Opinion: Gold crashes and is now tarnished for good


Gold shined brightly at the beginning of 2014, with bullion prices jumping by about 13% from New Year’s Day until mid-March.

But since spring, and particularly since July, gold prices GCZ4, +0.69%  have been on the decline. Last week, the precious metal settled near lows not seen since Christmas 2013.

So should investors consider this sell-off as an opportunity to buy precious metals on the cheap? Or is gold really tarnished for some time to come? Sadly for gold bugs, it’s the latter.

There’s always a big argument for gold as the only alternative amid overpriced stocks, a weak U.S. recovery and a fragile dollar that will collapse at any time. If you want to make those arguments in the face of the facts, feel free to scroll down to the comments section and make fun of my receding hairline.

But for those interested in reality, it’s important to note how much those arguments have missed the mark over the past few years and how they ignore recent data to the contrary.

The stock market, U.S. economy and the dollar are all doing quite well. Judging by recent data, all three look like they will improve.

Here’s why I wouldn’t expect gold to rebound anytime soon, and why the outlook for this precious metal is quite tarnished:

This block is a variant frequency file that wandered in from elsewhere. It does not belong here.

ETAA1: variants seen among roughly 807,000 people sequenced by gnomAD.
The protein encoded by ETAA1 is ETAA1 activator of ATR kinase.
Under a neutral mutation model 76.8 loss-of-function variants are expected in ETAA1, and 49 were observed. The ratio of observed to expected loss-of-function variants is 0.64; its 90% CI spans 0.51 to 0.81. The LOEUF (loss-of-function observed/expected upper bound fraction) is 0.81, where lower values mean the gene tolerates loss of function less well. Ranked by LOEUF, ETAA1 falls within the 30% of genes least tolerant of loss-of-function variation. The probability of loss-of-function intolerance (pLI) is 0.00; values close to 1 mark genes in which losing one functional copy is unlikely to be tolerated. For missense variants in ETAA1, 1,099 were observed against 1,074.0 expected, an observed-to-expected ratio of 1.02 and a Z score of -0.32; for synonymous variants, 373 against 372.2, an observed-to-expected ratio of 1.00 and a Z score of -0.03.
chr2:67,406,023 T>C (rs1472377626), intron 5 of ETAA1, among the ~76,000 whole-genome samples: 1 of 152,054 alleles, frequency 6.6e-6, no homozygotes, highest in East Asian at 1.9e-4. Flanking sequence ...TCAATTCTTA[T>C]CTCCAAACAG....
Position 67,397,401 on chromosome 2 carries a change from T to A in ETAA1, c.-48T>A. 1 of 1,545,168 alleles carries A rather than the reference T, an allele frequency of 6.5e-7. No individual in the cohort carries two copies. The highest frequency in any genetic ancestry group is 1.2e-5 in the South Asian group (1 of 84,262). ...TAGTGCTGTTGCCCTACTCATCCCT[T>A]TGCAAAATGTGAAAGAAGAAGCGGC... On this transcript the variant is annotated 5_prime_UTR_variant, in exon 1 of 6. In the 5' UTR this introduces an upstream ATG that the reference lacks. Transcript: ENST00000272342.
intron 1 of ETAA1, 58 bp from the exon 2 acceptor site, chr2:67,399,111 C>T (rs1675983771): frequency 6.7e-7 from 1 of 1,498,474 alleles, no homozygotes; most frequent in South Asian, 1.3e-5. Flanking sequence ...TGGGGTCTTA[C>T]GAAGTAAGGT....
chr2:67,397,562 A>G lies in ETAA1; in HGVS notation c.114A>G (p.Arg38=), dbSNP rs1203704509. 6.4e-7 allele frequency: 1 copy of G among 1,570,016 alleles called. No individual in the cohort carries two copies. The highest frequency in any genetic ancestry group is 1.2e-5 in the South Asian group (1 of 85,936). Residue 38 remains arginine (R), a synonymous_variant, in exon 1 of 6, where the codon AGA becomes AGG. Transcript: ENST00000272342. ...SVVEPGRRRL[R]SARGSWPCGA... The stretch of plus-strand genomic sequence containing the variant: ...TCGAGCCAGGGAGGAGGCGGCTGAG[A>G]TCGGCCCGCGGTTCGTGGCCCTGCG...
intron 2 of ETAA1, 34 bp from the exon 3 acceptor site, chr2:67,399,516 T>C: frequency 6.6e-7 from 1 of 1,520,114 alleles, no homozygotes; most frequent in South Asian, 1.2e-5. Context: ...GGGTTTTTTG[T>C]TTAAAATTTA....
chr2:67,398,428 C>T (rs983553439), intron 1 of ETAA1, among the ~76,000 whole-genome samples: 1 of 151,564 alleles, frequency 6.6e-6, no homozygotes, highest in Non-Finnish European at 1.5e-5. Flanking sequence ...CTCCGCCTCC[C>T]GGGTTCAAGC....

The dollar is strong: The U.S. Federal Reserve has been telegraphing its moves for some time, and last week reiterated that October will bring about the end of its bond-buying program and that key interest rates will almost certainly rise in 2015.

Higher interest rates will only bolster the U.S. dollar further. And thanks to the inverse relationship between our currency and the pricing of dollar-backed commodities, a stronger dollar means gold prices will fall.

After all, a big reason for gold’s trouble in recent months has been a strengthening greenback. After the Fed news, the dollar is now at a 14-month high vs. other major currencies. This will continue to put downward pressure on gold prices.

It’s not just our central bank fueling this trend, either. The European Central Bank, for instance, unexpectedly just cut rates and announced a stimulus plan despite opposition from Germany. Similarly, Japan has been maintaining loose policies to weaken its currency and drive up inflation. As other central banks weaken their currencies, the dollar gets an added boost there as well.

Now, I know there are gold bugs who like to talk about the death of the dollar. But with other central banks actively debasing their currency and America on the cusp of tightening monetary policy, well, I simply don’t see how we can expect anything but a strong dollar for some time.


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